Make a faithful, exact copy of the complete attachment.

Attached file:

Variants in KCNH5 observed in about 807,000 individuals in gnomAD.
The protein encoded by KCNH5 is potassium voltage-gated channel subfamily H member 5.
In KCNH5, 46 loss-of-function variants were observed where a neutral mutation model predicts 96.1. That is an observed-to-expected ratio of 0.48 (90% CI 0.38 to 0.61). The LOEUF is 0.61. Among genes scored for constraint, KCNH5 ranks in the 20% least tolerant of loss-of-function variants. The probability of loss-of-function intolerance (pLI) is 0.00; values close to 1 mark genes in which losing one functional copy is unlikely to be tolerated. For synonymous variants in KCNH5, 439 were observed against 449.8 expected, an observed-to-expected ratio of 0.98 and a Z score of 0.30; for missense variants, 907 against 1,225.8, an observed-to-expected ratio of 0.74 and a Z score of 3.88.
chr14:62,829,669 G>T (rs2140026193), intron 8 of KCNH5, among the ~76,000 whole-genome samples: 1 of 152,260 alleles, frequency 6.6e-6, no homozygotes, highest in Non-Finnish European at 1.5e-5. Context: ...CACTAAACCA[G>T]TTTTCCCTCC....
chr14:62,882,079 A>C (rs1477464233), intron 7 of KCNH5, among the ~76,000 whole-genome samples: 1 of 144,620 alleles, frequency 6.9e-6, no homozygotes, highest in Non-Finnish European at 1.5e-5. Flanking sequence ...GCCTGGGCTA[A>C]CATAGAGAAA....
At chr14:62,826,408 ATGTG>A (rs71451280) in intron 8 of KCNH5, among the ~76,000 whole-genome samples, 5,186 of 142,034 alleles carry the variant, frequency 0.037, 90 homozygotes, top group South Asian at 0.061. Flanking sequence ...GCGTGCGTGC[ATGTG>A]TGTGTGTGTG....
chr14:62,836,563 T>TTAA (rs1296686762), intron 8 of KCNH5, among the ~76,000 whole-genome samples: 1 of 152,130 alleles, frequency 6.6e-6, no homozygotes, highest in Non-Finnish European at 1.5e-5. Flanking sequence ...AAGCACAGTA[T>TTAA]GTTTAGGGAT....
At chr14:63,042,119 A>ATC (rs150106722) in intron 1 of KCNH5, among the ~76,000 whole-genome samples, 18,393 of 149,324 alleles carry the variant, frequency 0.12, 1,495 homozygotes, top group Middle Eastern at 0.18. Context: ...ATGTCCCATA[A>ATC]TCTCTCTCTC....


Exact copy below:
Variants in KCNH5 observed in about 807,000 individuals in gnomAD.
The protein encoded by KCNH5 is potassium voltage-gated channel subfamily H member 5.
In KCNH5, 46 loss-of-function variants were observed where a neutral mutation model predicts 96.1. That is an observed-to-expected ratio of 0.48 (90% CI 0.38 to 0.61). The LOEUF is 0.61. Among genes scored for constraint, KCNH5 ranks in the 20% least tolerant of loss-of-function variants. The probability of loss-of-function intolerance (pLI) is 0.00; values close to 1 mark genes in which losing one functional copy is unlikely to be tolerated. For synonymous variants in KCNH5, 439 were observed against 449.8 expected, an observed-to-expected ratio of 0.98 and a Z score of 0.30; for missense variants, 907 against 1,225.8, an observed-to-expected ratio of 0.74 and a Z score of 3.88.
chr14:62,829,669 G>T (rs2140026193), intron 8 of KCNH5, among the ~76,000 whole-genome samples: 1 of 152,260 alleles, frequency 6.6e-6, no homozygotes, highest in Non-Finnish European at 1.5e-5. Context: ...CACTAAACCA[G>T]TTTTCCCTCC....
chr14:62,882,079 A>C (rs1477464233), intron 7 of KCNH5, among the ~76,000 whole-genome samples: 1 of 144,620 alleles, frequency 6.9e-6, no homozygotes, highest in Non-Finnish European at 1.5e-5. Flanking sequence ...GCCTGGGCTA[A>C]CATAGAGAAA....
At chr14:62,826,408 ATGTG>A (rs71451280) in intron 8 of KCNH5, among the ~76,000 whole-genome samples, 5,186 of 142,034 alleles carry the variant, frequency 0.037, 90 homozygotes, top group South Asian at 0.061. Flanking sequence ...GCGTGCGTGC[ATGTG>A]TGTGTGTGTG....
chr14:62,836,563 T>TTAA (rs1296686762), intron 8 of KCNH5, among the ~76,000 whole-genome samples: 1 of 152,130 alleles, frequency 6.6e-6, no homozygotes, highest in Non-Finnish European at 1.5e-5. Flanking sequence ...AAGCACAGTA[T>TTAA]GTTTAGGGAT....
At chr14:63,042,119 A>ATC (rs150106722) in intron 1 of KCNH5, among the ~76,000 whole-genome samples, 18,393 of 149,324 alleles carry the variant, frequency 0.12, 1,495 homozygotes, top group Middle Eastern at 0.18. Context: ...ATGTCCCATA[A>ATC]TCTCTCTCTC....